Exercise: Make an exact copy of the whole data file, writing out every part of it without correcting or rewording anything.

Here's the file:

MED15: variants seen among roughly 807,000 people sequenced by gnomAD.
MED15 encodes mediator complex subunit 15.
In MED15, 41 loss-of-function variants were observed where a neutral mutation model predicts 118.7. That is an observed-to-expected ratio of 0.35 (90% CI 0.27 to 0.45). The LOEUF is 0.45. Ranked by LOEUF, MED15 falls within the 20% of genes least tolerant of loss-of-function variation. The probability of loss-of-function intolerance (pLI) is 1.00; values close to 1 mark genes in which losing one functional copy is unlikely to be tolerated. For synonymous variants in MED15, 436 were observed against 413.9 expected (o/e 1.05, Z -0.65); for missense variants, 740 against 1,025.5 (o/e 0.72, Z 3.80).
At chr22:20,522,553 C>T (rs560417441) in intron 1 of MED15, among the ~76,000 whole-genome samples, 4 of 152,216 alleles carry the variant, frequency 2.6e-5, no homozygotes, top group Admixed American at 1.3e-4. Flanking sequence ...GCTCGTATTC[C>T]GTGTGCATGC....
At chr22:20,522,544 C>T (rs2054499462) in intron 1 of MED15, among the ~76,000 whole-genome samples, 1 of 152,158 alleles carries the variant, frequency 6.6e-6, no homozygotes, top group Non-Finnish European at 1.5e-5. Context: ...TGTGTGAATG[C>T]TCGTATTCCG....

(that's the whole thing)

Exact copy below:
MED15: variants seen among roughly 807,000 people sequenced by gnomAD.
MED15 encodes mediator complex subunit 15.
In MED15, 41 loss-of-function variants were observed where a neutral mutation model predicts 118.7. That is an observed-to-expected ratio of 0.35 (90% CI 0.27 to 0.45). The LOEUF is 0.45. Ranked by LOEUF, MED15 falls within the 20% of genes least tolerant of loss-of-function variation. The probability of loss-of-function intolerance (pLI) is 1.00; values close to 1 mark genes in which losing one functional copy is unlikely to be tolerated. For synonymous variants in MED15, 436 were observed against 413.9 expected (o/e 1.05, Z -0.65); for missense variants, 740 against 1,025.5 (o/e 0.72, Z 3.80).
At chr22:20,522,553 C>T (rs560417441) in intron 1 of MED15, among the ~76,000 whole-genome samples, 4 of 152,216 alleles carry the variant, frequency 2.6e-5, no homozygotes, top group Admixed American at 1.3e-4. Flanking sequence ...GCTCGTATTC[C>T]GTGTGCATGC....
At chr22:20,522,544 C>T (rs2054499462) in intron 1 of MED15, among the ~76,000 whole-genome samples, 1 of 152,158 alleles carries the variant, frequency 6.6e-6, no homozygotes, top group Non-Finnish European at 1.5e-5. Context: ...TGTGTGAATG[C>T]TCGTATTCCG....